Shellfish

If you love the delicate and unique taste of shellfish, then there’s plenty of these ocean treats to choose from. From lobster or shrimp to clams, crayfish or scallops. While each variety might have a distinct flavor, texture, and taste, they also contain small amounts of omega 3.

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Still, while shellfish can be healthy, it also tends to be higher in cholesterol. So if you’re looking for to help lower your cholesterol, then you should try to eat shellfish as an occasional delicacy.

Mac and Cheese

Across many states of America, mac and cheese are considered the one the most popular national dishes. Mac and cheese has become a tradition, and many love the warm comforting flavor as the loaded cheese melts onto the pasta with every bite.

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While some have said that the dish is healthy as it contains protein, it is made with white grain pasta and is topped with lashings of cheese. So this dish might be filled with saturated fats, unrefined carbs, and cholesterol, so it’s not so healthy to eat it every day if you’re looking to maintain your blood pressure and heart health.

Berries

Okay, so we’ve seen quite a lot of foods that should be avoided. It seems like all the good stuff is actually the bad stuff, right? But that’s not necessarily true!

There are actually lots of foods that you can, and should, eat if you have high blood pressure. Now we’re going to look at foods to eat if you want to lower your blood pressure.

Blueberries and strawberries are full of antioxidant compounds called anthocyanins, which is a type of flavonoid. A large study was conducted with more than 34,000 people with hypertension.

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Researchers found that those with the highest intake of anthocyanins, mostly from blueberries and strawberries, had an 8% reduction in the risk of high blood pressure, compared to the people with a low anthocyanin intake. You can have berries as a snack on their own or add them to smoothies, yogurt, and oatmeal.

Bananas

Bananas are great for lowering blood pressure because they contain plenty of potassium, which is a mineral that plays a huge role in managing hypertension. According to the American Heart Association, potassium lessens the effects of sodium and relieves tension in the walls of the blood vessels.

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Every adult should aim to eat 3,500–4,700 mg of potassium daily. Bananas are a great snack on their own as well, but they’re also the perfect addition to smoothies, oatmeal, and toast with almond butter.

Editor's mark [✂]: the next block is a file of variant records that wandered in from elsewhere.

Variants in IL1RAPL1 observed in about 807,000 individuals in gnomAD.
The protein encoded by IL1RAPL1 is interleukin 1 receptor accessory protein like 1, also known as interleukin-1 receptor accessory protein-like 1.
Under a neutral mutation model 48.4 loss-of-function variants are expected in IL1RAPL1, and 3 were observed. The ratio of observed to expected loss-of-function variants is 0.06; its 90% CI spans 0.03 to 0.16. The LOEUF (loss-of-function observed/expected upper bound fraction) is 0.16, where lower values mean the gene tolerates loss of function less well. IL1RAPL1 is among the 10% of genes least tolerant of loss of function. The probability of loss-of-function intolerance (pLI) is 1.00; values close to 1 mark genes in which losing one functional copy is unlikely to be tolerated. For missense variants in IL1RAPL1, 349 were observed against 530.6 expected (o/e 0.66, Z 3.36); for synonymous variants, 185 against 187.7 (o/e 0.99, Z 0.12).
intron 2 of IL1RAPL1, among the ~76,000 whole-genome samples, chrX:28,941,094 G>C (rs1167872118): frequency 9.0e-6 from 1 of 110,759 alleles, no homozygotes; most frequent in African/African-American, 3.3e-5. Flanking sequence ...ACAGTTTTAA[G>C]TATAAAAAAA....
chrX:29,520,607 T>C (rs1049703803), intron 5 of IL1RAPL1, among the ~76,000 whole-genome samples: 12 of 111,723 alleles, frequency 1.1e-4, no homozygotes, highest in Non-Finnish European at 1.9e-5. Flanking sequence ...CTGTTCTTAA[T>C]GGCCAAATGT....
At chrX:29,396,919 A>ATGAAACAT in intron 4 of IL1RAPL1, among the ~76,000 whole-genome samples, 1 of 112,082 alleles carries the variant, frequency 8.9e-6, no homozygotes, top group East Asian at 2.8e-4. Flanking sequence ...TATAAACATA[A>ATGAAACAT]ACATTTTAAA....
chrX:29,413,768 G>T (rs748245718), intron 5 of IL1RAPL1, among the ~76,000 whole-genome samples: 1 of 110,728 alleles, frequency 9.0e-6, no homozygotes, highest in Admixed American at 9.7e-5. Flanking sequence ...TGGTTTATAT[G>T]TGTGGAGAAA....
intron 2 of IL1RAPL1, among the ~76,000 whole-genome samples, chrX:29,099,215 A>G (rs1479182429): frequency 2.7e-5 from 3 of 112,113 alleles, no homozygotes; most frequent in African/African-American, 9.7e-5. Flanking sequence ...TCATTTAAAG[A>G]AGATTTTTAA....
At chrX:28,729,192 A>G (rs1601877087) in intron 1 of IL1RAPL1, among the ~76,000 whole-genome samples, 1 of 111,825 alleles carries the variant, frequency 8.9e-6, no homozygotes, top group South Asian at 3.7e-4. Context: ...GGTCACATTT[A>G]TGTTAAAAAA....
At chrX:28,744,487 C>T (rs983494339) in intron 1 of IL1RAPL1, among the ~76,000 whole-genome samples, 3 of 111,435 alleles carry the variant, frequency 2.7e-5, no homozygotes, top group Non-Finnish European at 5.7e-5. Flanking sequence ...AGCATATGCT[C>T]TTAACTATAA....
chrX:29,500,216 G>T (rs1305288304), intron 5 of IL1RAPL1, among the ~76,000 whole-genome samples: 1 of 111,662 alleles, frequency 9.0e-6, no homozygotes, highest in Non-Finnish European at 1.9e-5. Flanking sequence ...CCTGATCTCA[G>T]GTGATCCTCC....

Beets

Drinking beet juice can help reduce blood pressure in both the short and long term. In 2015, researchers found that drinking red beet juice lowered blood pressure in people with hypertension who drank 250 milliliters (about 1 cup) every day for 4 weeks. They even noticed some positive effects within 24 hours.

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In that study, those who drank 1 cup of the beet juice each day had an average drop in blood pressure of around 8/4 ml of mercury mm Hg. For many, this change took their blood pressure to the normal range. On average, a single blood pressure medication reduces levels by 9/5 mm Hg. Beets have high levels of inorganic nitrate, which causes a reduction in blood pressure. You can also add beets to salads.

Dark Chocolate

Finally, an excuse to eat chocolate! But it has to be dark chocolate. A review of 15 trials proposes that cocoa-rich chocolate lowers blood pressure in people with hypertension or prehypertension.

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You should choose high-quality chocolate that contains at least 70% cocoa, and have a single square, or a piece measuring about 1 ounce, every day. You can also add that one piece of chocolate to smoothies, to give it an extra boost.

Kiwis

A daily serving of kiwi can lower blood pressure in those with mildly elevated levels, according to the results of a study. Researchers compared the effects of apples and kiwis on subjects with slightly high blood pressure. Eating three kiwis a day for 8 weeks led to a more significant reduction in both systolic and diastolic blood pressure.

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This was compared to eating one apple a day for the same period. The authors of the study suspect that the bioactive substances in kiwis are the reason for the reduction. Kiwis are also rich in vitamin C, which may significantly improve blood pressure readings in people who consumed around 500 mg of the vitamin every day for about 8 weeks.

Watermelon

Watermelon contains citrulline, an amino acid, which can help manage high blood pressure. Citrulline helps the body produce nitric oxide, a gas that relaxes blood vessels and supports flexibility in the arteries. These effects help the flow of blood, which can then lower high blood pressure.

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In one study, obese adults and those with prehypertension or mild hypertension took watermelon extract, and it showed reduced blood pressure in the ankles and brachial arteries. Researchers also found that animals given a diet full of watermelon had better heart health.

Oats

Oats have a type of fiber called beta-glucan, which can reduce blood cholesterol levels. Beta-glucan can also lower blood pressure. A review of 28 trials found that higher consumption of beta-glucan may lower both systolic and diastolic blood pressure.

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Barley is another food that contains this fiber. Start your day off with a bowl of oatmeal. Or instead of using breadcrumbs for your new veggie burgers, use rolled oats instead.